Regulatory and advisory bodies such as the US FDA, EMA and WHO have the important role of overseeing vaccine quality and safety. NGOs such as UNICEF and PAHO (Pan American Health Organization) function as pooled procurement organizations and are highly involved in a centralized vaccine procurement process. UNICEF procure vaccines for approximately 100 countries and PAHO procures for about 40 countries. Governments and private sector actors are involved to a varying extent as well. As an actor looking to sell vaccines, you should be aware that an estimated 5 to 10% of the total vaccine sales in developing countries are through the private sector. Thus, the private sector is very small in developing countries in general, however, some countries with rapid economic growth have a demand for new vaccines, as well as vaccines that are not included in the WHO standard vaccination program. These new and extended vaccines (the HPV vaccine being one example) would primarily be bought through the private sector.

A as a vaccine developer, you need to keep in mind that low- and middle-income countries together with their donors have a major influence on these discussions since 80% of the vaccine volume is purchased by these countries.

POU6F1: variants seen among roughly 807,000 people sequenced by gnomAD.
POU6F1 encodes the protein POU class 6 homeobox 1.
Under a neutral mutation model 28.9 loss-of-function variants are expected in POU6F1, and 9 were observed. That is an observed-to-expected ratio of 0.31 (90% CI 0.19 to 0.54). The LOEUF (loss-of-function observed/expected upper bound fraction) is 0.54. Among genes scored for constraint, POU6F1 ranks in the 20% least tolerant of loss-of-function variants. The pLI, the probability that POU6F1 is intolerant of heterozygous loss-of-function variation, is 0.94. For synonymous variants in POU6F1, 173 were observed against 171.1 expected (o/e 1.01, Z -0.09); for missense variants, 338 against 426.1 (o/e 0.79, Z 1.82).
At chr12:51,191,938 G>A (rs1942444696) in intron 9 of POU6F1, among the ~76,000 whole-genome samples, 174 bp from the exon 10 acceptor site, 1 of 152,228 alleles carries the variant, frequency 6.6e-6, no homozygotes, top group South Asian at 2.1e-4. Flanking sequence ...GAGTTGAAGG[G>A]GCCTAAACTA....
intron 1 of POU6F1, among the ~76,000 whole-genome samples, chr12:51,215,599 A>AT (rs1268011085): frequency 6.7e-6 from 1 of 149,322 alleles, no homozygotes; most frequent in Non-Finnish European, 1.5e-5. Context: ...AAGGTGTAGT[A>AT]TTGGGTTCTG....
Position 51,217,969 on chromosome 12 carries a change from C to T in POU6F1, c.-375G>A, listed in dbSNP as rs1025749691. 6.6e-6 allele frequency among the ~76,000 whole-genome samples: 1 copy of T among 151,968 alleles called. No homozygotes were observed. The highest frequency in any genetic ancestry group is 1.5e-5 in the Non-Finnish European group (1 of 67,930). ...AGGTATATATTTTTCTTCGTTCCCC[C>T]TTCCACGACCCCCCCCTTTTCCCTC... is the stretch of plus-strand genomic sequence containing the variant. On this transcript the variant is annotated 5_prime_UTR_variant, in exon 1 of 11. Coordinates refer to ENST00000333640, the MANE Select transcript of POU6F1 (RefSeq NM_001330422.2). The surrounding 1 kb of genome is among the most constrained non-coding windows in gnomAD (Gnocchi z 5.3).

The producers

International quality standards are set by the WHO and all vaccine producers need to comply with these standards, which only a few does. As a consequence, about 80% of the global vaccine sales come from five Big Pharma companies. These Big Pharma tend to focus their in-house production on avcanced multivalent vaccines high income countries. For low- and middle-income they often go for a strategy where they do a technology transfer to local players for production and sales, since the products differ both in content (lower valencies) and in packaging. Thus, producers focused on low- and middle-income countries have a significant role in production of monovalent and certain combination vaccines and in terms of volume of doses, they supply roughly 50% of UNICEFs procured doses. Through this, the vaccine market landscape in low- and middle-income countries have changed by increased competition and increased supplier capabilities resulting in reduced vaccine prices; benefitting people across the globe.